peteg's blog - noise - books - 2011 11 12 Mathews GhettoAtTheCentreOfTheWorld ChungkingMansions

Gordon Mathews: Ghetto at the Center of the World: Chungking Mansions, Hong Kong

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You've seen the film, now read the book. I don't know if there is a soundtrack.

Mathews is an American sociologist tenured as a professor at the Christian University of Hong Kong. He tells of first visiting the Mansions in the 1980s, and one gets the feeling that the funding for his anthropological studies arrived just a little too late; with China coming to understand what it takes to thoroughly own global trade, his low-end globalised traders are heading directly to Guangzhou, no longer in need of the Hong Kong middle man with his enforceable contracts and British business sensibility. This is certainly not Wong Kar Wai's 1960s Hong Kong.

The best part of this book is its promise, and when it recounts the stories of residents, either through anecdote or reportage. I found it fascinating as there doesn't seem to be anything like this building in Saigon, even as China is pricing itself out of the market. Then again, Vietnam is not yet known for high-tech manufacturing, or cranking out good-enough copies of mobile phones.

Unfortunately the novelty starts to wane somewhere around the middle, with the realisation that all players mentioned in the book are monothematic: they are there for money, money, money. This is what makes the building work, a friendship amongst the Indian, the Pakistani and the African possible, and indeed Hong Kong itself is the same effect written larger. That the mainstream of the host culture (Hong Kong Chinese, and more recently mainland Chinese) is uncomfortable with the third world in their midst, and identify it along racial lines, is surely true in most countries.

Another realisation was that this book never gets to grips with the role of women in the building, with the two roles on offer being a sex worker or a (Chinese) co-owner of the building. Perhaps the few women traders are mostly into clothing and are operating in another district. It is difficult to discern whether the incessant staring at the passing women in the building is a cultural thing (a women-as-property trope from the home country) or the behaviour of a large number of sex-starved expats, both, neither, etc.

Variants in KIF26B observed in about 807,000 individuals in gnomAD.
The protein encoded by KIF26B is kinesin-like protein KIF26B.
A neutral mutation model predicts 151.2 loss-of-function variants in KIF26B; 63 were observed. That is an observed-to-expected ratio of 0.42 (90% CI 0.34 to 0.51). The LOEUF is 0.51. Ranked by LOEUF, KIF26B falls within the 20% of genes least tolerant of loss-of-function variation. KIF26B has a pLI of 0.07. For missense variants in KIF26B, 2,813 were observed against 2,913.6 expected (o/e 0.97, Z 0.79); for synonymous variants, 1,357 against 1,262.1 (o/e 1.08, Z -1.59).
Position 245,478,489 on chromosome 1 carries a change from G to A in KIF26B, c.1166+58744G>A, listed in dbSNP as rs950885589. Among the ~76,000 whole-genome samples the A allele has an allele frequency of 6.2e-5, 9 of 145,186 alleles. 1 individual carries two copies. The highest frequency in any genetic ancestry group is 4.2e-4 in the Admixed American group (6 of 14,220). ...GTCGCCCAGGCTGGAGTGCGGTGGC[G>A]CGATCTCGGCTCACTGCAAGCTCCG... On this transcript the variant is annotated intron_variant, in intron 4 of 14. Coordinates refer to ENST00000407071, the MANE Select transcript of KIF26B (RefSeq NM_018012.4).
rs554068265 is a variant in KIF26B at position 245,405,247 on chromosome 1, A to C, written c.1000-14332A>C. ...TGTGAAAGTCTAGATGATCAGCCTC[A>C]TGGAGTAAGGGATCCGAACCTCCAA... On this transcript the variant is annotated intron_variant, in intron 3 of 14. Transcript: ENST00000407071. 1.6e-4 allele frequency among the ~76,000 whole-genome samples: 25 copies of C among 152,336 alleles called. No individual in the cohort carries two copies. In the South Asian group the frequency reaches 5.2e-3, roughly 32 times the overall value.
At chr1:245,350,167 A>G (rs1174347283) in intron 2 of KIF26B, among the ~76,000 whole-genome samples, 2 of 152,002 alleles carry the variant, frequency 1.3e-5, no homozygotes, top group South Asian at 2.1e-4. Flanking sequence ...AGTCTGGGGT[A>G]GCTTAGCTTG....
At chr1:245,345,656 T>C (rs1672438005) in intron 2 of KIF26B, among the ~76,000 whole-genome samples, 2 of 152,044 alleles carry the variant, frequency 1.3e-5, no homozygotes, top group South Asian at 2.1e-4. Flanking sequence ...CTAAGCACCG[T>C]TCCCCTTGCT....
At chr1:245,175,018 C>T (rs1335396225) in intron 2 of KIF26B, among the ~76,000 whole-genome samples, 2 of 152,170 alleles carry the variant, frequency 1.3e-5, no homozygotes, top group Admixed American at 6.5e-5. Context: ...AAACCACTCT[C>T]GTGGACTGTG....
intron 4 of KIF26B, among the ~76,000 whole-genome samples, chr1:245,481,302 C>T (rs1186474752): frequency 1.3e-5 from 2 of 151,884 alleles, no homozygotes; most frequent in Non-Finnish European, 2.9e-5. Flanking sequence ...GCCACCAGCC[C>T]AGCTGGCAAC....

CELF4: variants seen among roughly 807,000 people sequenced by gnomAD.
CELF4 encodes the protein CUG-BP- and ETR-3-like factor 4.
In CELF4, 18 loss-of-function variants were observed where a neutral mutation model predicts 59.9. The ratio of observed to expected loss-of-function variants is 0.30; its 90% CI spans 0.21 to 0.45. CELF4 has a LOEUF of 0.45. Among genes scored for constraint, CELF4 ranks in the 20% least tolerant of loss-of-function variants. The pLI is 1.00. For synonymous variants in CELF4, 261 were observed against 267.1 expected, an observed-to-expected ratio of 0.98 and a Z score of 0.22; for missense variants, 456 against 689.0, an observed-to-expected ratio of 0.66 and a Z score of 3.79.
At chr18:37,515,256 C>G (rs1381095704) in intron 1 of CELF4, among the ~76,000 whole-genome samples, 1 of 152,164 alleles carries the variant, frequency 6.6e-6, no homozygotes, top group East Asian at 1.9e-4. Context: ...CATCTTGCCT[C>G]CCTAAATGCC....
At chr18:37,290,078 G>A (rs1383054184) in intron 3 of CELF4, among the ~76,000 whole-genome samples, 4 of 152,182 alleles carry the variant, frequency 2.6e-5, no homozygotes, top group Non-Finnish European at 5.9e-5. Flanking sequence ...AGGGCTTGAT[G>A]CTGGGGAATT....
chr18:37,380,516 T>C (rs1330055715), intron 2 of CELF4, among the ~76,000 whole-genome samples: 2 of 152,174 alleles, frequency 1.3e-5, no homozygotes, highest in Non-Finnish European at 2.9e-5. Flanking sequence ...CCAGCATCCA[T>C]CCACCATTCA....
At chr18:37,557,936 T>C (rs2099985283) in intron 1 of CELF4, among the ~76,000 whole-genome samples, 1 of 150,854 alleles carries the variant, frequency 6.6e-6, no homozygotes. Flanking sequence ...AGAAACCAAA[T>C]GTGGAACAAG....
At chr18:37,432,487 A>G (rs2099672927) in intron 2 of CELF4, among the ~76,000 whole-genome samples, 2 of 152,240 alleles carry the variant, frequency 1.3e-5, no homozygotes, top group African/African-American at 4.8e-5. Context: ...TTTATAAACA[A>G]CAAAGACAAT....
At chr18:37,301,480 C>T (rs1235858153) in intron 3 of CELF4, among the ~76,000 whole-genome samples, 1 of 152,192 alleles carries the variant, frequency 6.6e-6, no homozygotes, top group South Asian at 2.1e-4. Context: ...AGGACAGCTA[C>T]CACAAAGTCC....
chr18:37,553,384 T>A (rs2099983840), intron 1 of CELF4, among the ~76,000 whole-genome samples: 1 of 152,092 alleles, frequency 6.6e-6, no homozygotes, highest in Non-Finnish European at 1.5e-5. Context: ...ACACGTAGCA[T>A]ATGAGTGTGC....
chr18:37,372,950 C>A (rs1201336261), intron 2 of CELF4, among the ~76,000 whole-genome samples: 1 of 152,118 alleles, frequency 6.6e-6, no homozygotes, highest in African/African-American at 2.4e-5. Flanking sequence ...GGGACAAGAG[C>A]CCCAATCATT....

Mathews treats the plight of asylum seekers at length, and wisely restricts himself to prognostication and not prescription. From a Western perspective it is interesting to see what the Eastern approach is and will become.

To be more curmudgeonly, this book makes me think that anthropology is at the more boring end of travel writing. Less repetition would have been lovely, and a bit less promising and a bit more carry-through. I don't put a lot of stock in non-empirical paradigms, and it seems that coining them is the essence of this sort of work. Here we get the "cultural supermarket", which is perhaps trying to summarise the idea of accessible multiculturalism, i.e. exotic food with the menus in English. Unfortunately it also connotes blandness, transactionalism, exploitation of primary producers, and so forth. I'm getting that ill-fitting cheap suit sort of a feeling.

I guess I was hoping for more of a biography of the building, ala Birmingham's Leviathan, in addition to the stories of individuals. Early on, Mathews tells of a shirt of his falling fifteen stories down a light well from a clothesline in the 1980s, and the possibility of it still being there; in doing so he lifts Chungking Mansions out of the generic facelessness of the ghetto. As Sickboy said about heroin, what keeps the relationship going is personality.

I picked this up from the UNSW Library on the strength of a review on Inside Story. I was a bit surprised the library had such a recent book (August 2011).